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Degree: Mathematics and Physics (Masters) - Bristol University
My name is Bradley Lang, I study Mathematics and Physics at the University of Bristol England.
My A level Grades:
Mathematics - A
Further Mathematics - A*
Physics - A
Relevant GCSE grades:
Mathematics - A*
Physics UCAS points 80+
(I did double sciences hence only giving final score for physics)
I want people to learn and love these wonderful subjects, for me the enjoyment started at A - Level but I hope to get people excited as early as possible for these incredible subjects.
I will be happy to answer specific questions but after engaging with the pupil I will uncover fundamental flaws in understanding that should be revised.
Thank you for reading this, if you aren't sure what to think, just organise a "Meet the tutor session" and you can see how we would get on as teacher and pupil.
I look forward to meeting you.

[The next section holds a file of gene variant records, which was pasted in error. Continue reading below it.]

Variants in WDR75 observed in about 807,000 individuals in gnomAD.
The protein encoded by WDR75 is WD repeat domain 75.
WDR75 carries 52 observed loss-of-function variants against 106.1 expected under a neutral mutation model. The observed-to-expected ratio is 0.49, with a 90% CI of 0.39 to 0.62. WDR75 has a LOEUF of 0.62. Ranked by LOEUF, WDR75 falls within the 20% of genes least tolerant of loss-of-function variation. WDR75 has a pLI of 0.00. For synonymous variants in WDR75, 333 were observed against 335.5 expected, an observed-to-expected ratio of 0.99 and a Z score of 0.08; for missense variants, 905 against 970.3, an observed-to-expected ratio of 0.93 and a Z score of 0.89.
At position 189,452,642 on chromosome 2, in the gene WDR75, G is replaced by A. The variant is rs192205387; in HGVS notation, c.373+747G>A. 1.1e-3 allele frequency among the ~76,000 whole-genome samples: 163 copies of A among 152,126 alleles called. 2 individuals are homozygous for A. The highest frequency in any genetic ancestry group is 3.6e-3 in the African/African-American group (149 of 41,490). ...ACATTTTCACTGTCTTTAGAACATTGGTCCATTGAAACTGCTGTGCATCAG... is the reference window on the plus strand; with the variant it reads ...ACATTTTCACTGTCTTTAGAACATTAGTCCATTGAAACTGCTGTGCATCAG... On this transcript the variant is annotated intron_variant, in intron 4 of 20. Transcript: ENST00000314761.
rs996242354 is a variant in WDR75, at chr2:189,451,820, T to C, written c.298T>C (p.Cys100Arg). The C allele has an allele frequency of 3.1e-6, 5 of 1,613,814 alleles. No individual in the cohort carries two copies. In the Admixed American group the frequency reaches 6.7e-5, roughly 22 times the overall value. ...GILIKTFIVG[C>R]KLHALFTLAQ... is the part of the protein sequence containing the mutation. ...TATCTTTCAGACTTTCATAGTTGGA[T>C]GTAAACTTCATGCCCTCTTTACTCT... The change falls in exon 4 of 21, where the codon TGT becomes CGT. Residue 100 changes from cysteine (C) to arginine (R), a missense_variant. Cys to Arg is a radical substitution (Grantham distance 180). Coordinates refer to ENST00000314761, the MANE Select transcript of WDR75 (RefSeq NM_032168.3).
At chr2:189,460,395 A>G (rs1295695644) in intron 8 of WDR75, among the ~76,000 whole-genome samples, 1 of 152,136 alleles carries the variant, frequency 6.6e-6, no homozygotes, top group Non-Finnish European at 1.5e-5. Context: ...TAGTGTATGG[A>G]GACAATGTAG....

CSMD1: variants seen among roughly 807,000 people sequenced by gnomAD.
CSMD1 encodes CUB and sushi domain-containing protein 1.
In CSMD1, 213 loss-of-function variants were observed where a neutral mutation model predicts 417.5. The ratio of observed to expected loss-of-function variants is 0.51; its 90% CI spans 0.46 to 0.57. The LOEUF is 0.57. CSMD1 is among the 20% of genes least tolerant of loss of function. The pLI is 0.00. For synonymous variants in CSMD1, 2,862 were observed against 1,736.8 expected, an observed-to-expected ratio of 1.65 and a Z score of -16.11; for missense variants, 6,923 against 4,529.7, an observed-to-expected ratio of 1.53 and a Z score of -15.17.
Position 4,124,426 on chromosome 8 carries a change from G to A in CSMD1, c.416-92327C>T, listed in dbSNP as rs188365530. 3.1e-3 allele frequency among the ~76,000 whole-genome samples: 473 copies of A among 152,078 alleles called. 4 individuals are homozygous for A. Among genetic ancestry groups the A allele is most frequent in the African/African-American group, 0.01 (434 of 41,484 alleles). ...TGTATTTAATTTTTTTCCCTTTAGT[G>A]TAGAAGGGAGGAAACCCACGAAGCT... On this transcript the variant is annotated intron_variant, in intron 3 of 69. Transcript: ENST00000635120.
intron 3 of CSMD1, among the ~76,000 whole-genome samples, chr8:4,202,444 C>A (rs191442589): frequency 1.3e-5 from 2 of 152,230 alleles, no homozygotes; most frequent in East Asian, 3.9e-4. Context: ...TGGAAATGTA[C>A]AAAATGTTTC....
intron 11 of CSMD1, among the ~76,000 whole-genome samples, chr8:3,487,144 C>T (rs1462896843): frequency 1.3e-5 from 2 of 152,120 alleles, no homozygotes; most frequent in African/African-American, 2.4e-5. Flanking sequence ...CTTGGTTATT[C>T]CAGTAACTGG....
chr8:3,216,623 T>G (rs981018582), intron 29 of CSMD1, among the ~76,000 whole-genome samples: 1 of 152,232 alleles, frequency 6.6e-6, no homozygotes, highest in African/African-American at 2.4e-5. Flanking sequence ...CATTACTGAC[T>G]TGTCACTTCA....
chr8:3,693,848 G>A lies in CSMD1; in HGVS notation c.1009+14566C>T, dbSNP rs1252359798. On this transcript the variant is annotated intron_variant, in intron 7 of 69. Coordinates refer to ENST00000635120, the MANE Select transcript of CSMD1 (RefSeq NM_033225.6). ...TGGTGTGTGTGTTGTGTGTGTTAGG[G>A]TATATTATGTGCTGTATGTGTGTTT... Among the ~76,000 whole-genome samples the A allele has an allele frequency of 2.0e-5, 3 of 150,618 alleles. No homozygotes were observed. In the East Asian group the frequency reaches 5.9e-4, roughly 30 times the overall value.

|Further Mathematics||A Level||£20 /hr|
|Maths||A Level||£20 /hr|
|Physics||A Level||£20 /hr|
Before starting any calculations it makes sense for the new practitioner to use the handy "soh-cah-toa" rule which means that you use:
- sine with the opposite and hypotenuse sides to the angle.
-cosine with the adjacent and hypotenuse sides to the angle.
-tangent with the opposite and adjacent sides to the angle.
The rules are all formulated such that sin(x) = (opposite side length)/(hypotenuse length) where I have used x to denote the angle. The cosine and tangent follow in the same pattern. To find one of the three bits in the equation, you simply rearrange to get the unknown on its own and then (hopefully) just plug this into your calculator. In the case where you search for the angle you must get your trigonometric function on its own and then use the inverse function to both sides of the equation so now you will have for example :
x = arcsin[(opposite side length)/(hypotenuse side length)] where x is the angle and arcsin denotes the inverse of sine.
Similarly you would use this method with tangent and cosine.see more